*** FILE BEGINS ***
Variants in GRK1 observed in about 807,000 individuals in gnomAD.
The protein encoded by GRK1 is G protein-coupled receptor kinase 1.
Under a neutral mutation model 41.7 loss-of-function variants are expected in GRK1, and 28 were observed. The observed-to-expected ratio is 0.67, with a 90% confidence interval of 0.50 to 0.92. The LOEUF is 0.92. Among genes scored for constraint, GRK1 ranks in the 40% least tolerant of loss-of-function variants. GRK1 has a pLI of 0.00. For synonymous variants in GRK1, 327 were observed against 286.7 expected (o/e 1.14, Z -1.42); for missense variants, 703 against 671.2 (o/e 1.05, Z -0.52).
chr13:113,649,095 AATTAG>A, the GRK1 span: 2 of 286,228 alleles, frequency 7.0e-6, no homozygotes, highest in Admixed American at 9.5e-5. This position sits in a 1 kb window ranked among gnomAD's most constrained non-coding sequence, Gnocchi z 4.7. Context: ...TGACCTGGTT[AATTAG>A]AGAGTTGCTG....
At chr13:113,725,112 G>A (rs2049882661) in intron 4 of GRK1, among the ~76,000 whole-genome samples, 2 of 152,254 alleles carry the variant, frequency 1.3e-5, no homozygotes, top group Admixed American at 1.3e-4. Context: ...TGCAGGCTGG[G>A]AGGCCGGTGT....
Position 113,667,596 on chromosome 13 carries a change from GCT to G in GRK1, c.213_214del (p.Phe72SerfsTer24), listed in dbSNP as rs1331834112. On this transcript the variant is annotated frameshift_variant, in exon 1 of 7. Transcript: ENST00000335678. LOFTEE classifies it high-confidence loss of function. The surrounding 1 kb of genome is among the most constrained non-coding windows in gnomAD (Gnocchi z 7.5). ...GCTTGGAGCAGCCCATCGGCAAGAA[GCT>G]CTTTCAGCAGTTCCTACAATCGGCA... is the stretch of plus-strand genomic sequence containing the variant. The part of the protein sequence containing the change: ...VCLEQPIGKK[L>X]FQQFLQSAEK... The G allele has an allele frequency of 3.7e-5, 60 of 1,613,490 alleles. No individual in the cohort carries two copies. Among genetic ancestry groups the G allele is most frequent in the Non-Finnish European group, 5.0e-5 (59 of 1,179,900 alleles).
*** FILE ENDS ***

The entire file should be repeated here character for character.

Variants in GRK1 observed in about 807,000 individuals in gnomAD.
The protein encoded by GRK1 is G protein-coupled receptor kinase 1.
Under a neutral mutation model 41.7 loss-of-function variants are expected in GRK1, and 28 were observed. The observed-to-expected ratio is 0.67, with a 90% confidence interval of 0.50 to 0.92. The LOEUF is 0.92. Among genes scored for constraint, GRK1 ranks in the 40% least tolerant of loss-of-function variants. GRK1 has a pLI of 0.00. For synonymous variants in GRK1, 327 were observed against 286.7 expected (o/e 1.14, Z -1.42); for missense variants, 703 against 671.2 (o/e 1.05, Z -0.52).
chr13:113,649,095 AATTAG>A, the GRK1 span: 2 of 286,228 alleles, frequency 7.0e-6, no homozygotes, highest in Admixed American at 9.5e-5. This position sits in a 1 kb window ranked among gnomAD's most constrained non-coding sequence, Gnocchi z 4.7. Context: ...TGACCTGGTT[AATTAG>A]AGAGTTGCTG....
At chr13:113,725,112 G>A (rs2049882661) in intron 4 of GRK1, among the ~76,000 whole-genome samples, 2 of 152,254 alleles carry the variant, frequency 1.3e-5, no homozygotes, top group Admixed American at 1.3e-4. Context: ...TGCAGGCTGG[G>A]AGGCCGGTGT....
Position 113,667,596 on chromosome 13 carries a change from GCT to G in GRK1, c.213_214del (p.Phe72SerfsTer24), listed in dbSNP as rs1331834112. On this transcript the variant is annotated frameshift_variant, in exon 1 of 7. Transcript: ENST00000335678. LOFTEE classifies it high-confidence loss of function. The surrounding 1 kb of genome is among the most constrained non-coding windows in gnomAD (Gnocchi z 7.5). ...GCTTGGAGCAGCCCATCGGCAAGAA[GCT>G]CTTTCAGCAGTTCCTACAATCGGCA... is the stretch of plus-strand genomic sequence containing the variant. The part of the protein sequence containing the change: ...VCLEQPIGKK[L>X]FQQFLQSAEK... The G allele has an allele frequency of 3.7e-5, 60 of 1,613,490 alleles. No individual in the cohort carries two copies. Among genetic ancestry groups the G allele is most frequent in the Non-Finnish European group, 5.0e-5 (59 of 1,179,900 alleles).